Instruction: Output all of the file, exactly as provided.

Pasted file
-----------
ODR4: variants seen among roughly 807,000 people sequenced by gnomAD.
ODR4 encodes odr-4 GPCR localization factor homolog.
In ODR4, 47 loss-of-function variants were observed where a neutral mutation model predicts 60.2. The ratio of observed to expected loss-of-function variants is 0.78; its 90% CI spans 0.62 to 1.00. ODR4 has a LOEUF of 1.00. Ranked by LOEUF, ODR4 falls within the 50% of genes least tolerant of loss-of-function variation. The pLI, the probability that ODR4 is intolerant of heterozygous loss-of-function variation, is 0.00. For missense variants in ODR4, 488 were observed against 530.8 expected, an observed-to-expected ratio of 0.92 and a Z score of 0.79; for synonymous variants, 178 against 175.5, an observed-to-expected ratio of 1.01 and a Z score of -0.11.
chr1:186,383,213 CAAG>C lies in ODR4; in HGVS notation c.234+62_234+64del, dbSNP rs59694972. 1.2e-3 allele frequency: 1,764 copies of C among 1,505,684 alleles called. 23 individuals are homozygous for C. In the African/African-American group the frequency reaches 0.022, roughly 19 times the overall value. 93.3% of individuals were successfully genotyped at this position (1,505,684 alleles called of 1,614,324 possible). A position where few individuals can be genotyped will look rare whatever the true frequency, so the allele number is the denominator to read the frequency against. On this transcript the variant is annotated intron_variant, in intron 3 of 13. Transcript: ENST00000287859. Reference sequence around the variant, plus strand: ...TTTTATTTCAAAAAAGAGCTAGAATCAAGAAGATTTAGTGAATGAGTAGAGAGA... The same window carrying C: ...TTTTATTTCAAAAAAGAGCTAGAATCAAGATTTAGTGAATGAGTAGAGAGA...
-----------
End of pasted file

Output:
ODR4: variants seen among roughly 807,000 people sequenced by gnomAD.
ODR4 encodes odr-4 GPCR localization factor homolog.
In ODR4, 47 loss-of-function variants were observed where a neutral mutation model predicts 60.2. The ratio of observed to expected loss-of-function variants is 0.78; its 90% CI spans 0.62 to 1.00. ODR4 has a LOEUF of 1.00. Ranked by LOEUF, ODR4 falls within the 50% of genes least tolerant of loss-of-function variation. The pLI, the probability that ODR4 is intolerant of heterozygous loss-of-function variation, is 0.00. For missense variants in ODR4, 488 were observed against 530.8 expected, an observed-to-expected ratio of 0.92 and a Z score of 0.79; for synonymous variants, 178 against 175.5, an observed-to-expected ratio of 1.01 and a Z score of -0.11.
chr1:186,383,213 CAAG>C lies in ODR4; in HGVS notation c.234+62_234+64del, dbSNP rs59694972. 1.2e-3 allele frequency: 1,764 copies of C among 1,505,684 alleles called. 23 individuals are homozygous for C. In the African/African-American group the frequency reaches 0.022, roughly 19 times the overall value. 93.3% of individuals were successfully genotyped at this position (1,505,684 alleles called of 1,614,324 possible). A position where few individuals can be genotyped will look rare whatever the true frequency, so the allele number is the denominator to read the frequency against. On this transcript the variant is annotated intron_variant, in intron 3 of 13. Transcript: ENST00000287859. Reference sequence around the variant, plus strand: ...TTTTATTTCAAAAAAGAGCTAGAATCAAGAAGATTTAGTGAATGAGTAGAGAGA... The same window carrying C: ...TTTTATTTCAAAAAAGAGCTAGAATCAAGATTTAGTGAATGAGTAGAGAGA...